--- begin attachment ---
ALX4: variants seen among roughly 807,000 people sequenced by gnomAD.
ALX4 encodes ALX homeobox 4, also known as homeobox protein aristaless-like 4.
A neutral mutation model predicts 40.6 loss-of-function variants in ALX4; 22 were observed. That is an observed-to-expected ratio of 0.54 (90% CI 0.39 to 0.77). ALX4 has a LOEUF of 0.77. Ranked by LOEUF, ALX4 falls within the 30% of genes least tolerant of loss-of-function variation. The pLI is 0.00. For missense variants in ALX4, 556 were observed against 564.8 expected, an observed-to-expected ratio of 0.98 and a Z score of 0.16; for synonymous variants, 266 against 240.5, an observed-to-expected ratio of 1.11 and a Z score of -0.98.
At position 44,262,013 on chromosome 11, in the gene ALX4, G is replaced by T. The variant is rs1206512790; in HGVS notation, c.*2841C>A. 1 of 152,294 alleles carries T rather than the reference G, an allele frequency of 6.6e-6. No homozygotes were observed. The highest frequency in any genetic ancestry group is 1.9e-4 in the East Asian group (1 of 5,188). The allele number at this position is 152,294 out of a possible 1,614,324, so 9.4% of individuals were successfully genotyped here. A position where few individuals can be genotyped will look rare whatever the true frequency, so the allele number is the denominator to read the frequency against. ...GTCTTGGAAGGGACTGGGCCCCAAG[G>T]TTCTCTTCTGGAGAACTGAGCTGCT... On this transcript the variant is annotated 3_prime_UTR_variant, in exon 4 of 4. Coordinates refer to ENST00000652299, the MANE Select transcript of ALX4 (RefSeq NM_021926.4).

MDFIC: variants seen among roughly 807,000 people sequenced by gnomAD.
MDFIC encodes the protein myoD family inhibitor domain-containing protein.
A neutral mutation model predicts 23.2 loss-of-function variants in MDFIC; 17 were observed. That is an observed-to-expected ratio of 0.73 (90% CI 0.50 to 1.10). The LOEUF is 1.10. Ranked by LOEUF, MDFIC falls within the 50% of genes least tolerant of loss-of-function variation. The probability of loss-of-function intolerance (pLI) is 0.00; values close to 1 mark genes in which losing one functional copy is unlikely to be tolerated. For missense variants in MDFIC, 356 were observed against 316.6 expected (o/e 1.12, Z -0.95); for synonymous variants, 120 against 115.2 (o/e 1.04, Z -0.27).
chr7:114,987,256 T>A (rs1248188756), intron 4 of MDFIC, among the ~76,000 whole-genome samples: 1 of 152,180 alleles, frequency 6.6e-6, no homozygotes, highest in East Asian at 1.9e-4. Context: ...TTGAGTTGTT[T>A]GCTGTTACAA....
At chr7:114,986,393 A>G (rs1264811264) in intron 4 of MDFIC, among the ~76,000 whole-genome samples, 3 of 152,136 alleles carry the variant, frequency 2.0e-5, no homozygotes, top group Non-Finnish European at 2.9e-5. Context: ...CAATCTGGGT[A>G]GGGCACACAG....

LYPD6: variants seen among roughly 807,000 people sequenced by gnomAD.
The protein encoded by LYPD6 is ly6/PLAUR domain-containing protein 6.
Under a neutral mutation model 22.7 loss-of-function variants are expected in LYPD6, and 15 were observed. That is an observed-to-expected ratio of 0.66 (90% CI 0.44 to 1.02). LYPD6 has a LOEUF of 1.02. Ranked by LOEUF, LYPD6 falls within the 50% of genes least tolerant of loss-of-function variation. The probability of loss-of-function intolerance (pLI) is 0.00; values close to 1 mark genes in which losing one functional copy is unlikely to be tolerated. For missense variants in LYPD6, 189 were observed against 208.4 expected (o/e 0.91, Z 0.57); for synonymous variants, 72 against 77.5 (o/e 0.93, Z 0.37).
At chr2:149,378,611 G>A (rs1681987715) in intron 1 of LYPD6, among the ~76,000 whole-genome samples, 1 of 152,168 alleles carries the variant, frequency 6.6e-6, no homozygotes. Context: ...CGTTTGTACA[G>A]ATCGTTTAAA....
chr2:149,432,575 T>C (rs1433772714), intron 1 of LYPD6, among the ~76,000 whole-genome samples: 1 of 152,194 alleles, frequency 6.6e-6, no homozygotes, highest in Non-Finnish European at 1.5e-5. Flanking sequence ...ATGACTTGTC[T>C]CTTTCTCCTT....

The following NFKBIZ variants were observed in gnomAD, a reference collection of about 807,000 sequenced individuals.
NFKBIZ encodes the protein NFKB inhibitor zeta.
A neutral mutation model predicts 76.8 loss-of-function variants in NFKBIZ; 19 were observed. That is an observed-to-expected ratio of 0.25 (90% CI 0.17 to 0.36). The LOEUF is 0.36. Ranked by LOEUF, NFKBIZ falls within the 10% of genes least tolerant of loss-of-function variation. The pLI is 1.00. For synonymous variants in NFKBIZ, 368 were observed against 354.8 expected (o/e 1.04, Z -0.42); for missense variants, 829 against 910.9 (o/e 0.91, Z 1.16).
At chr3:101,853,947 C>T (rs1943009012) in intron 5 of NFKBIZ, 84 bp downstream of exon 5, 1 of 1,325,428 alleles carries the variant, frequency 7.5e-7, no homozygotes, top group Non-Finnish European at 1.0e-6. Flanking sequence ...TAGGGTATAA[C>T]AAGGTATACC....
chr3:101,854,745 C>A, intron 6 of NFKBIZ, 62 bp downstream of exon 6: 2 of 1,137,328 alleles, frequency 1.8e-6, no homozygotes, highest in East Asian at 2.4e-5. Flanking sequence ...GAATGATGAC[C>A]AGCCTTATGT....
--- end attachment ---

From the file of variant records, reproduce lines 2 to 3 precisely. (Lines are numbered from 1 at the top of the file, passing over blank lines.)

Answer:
ALX4 encodes ALX homeobox 4, also known as homeobox protein aristaless-like 4.
A neutral mutation model predicts 40.6 loss-of-function variants in ALX4; 22 were observed. That is an observed-to-expected ratio of 0.54 (90% CI 0.39 to 0.77). ALX4 has a LOEUF of 0.77. Ranked by LOEUF, ALX4 falls within the 30% of genes least tolerant of loss-of-function variation. The pLI is 0.00. For missense variants in ALX4, 556 were observed against 564.8 expected, an observed-to-expected ratio of 0.98 and a Z score of 0.16; for synonymous variants, 266 against 240.5, an observed-to-expected ratio of 1.11 and a Z score of -0.98.